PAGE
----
Lincoln Memorial Landscape and Reflecting Pool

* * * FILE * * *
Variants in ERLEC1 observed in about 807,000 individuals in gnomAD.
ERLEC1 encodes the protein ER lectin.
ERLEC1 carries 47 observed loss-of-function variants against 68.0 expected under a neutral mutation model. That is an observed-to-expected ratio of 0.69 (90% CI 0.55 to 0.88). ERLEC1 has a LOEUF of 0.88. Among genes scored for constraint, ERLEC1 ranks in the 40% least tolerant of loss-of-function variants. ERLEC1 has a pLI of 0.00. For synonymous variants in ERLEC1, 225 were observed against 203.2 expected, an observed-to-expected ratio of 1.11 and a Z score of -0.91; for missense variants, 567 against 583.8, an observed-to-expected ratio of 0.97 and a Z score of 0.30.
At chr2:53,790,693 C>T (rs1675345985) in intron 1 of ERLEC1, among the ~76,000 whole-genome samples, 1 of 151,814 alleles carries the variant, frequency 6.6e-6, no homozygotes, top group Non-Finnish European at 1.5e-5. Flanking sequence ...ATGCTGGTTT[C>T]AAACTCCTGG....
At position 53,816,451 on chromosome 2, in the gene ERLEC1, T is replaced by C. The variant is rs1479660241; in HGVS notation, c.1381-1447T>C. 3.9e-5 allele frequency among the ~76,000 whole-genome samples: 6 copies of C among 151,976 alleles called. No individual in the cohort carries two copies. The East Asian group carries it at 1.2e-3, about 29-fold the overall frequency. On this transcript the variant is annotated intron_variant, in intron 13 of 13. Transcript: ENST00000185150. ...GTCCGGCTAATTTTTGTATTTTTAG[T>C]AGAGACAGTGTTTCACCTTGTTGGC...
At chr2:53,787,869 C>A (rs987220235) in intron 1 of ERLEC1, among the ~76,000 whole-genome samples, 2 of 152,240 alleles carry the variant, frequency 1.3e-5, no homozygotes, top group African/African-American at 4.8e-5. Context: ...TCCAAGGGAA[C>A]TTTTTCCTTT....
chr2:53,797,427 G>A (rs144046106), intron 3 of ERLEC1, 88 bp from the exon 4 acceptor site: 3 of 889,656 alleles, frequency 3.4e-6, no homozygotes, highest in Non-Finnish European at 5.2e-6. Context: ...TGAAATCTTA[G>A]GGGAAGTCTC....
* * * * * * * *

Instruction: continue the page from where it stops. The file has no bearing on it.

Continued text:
Lincoln Memorial Landscape and Reflecting Pool National Park Service | Washington, DC 中文 When the Lincoln Memorial opened in 1922, the National Mall was extended 2,500 feet westward toward the Potomac on filled land, creating a significant new national landscape. Today, the grounds of the Lincoln Memorial and Reflecting Pool constitute one of the most iconic and recognizable landscapes in the country. However, the 21st century has introduced extraordinary new demands on this prominent civic landscape. With over 4.5 million visitors annually, the site was being used far beyond the capacity of the original design—causing stress on the landscape, paths, and other pedestrian areas. Security and accessibility were also outdated. Finally, the Reflecting Pool was filled with potable water and, due to failing structural conditions, water loss necessitated refilling two to three times each year—using nearly six million gallons of potable water each time. The National Park Service sought Sasaki to update and revise this landscape to meet contemporary needs while preserving the defining character of this national landmark. Through an integrated approach, Sasaki resolved accessibility and security issues, increased the resilience of the site, and incorporated sustainable solutions.